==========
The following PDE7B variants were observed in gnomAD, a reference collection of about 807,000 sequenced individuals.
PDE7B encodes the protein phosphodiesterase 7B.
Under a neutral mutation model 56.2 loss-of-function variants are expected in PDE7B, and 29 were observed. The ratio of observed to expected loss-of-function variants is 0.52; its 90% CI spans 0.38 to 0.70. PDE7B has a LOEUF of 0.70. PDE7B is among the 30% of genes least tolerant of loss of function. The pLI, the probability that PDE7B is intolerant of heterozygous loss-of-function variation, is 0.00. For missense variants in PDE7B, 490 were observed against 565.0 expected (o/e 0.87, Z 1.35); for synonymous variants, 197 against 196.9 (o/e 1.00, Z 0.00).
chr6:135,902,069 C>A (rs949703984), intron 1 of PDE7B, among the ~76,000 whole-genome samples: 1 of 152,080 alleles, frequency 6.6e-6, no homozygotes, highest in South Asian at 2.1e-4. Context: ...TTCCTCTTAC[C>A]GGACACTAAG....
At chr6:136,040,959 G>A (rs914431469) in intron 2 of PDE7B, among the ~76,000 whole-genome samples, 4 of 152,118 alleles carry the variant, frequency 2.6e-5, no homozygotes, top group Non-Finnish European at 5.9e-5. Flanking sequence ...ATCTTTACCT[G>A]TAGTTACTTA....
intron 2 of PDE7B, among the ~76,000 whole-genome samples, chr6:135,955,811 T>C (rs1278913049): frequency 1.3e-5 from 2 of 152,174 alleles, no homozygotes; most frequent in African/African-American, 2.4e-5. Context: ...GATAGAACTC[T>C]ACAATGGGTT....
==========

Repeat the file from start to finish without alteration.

The following PDE7B variants were observed in gnomAD, a reference collection of about 807,000 sequenced individuals.
PDE7B encodes the protein phosphodiesterase 7B.
Under a neutral mutation model 56.2 loss-of-function variants are expected in PDE7B, and 29 were observed. The ratio of observed to expected loss-of-function variants is 0.52; its 90% CI spans 0.38 to 0.70. PDE7B has a LOEUF of 0.70. PDE7B is among the 30% of genes least tolerant of loss of function. The pLI, the probability that PDE7B is intolerant of heterozygous loss-of-function variation, is 0.00. For missense variants in PDE7B, 490 were observed against 565.0 expected (o/e 0.87, Z 1.35); for synonymous variants, 197 against 196.9 (o/e 1.00, Z 0.00).
chr6:135,902,069 C>A (rs949703984), intron 1 of PDE7B, among the ~76,000 whole-genome samples: 1 of 152,080 alleles, frequency 6.6e-6, no homozygotes, highest in South Asian at 2.1e-4. Context: ...TTCCTCTTAC[C>A]GGACACTAAG....
At chr6:136,040,959 G>A (rs914431469) in intron 2 of PDE7B, among the ~76,000 whole-genome samples, 4 of 152,118 alleles carry the variant, frequency 2.6e-5, no homozygotes, top group Non-Finnish European at 5.9e-5. Flanking sequence ...ATCTTTACCT[G>A]TAGTTACTTA....
intron 2 of PDE7B, among the ~76,000 whole-genome samples, chr6:135,955,811 T>C (rs1278913049): frequency 1.3e-5 from 2 of 152,174 alleles, no homozygotes; most frequent in African/African-American, 2.4e-5. Context: ...GATAGAACTC[T>C]ACAATGGGTT....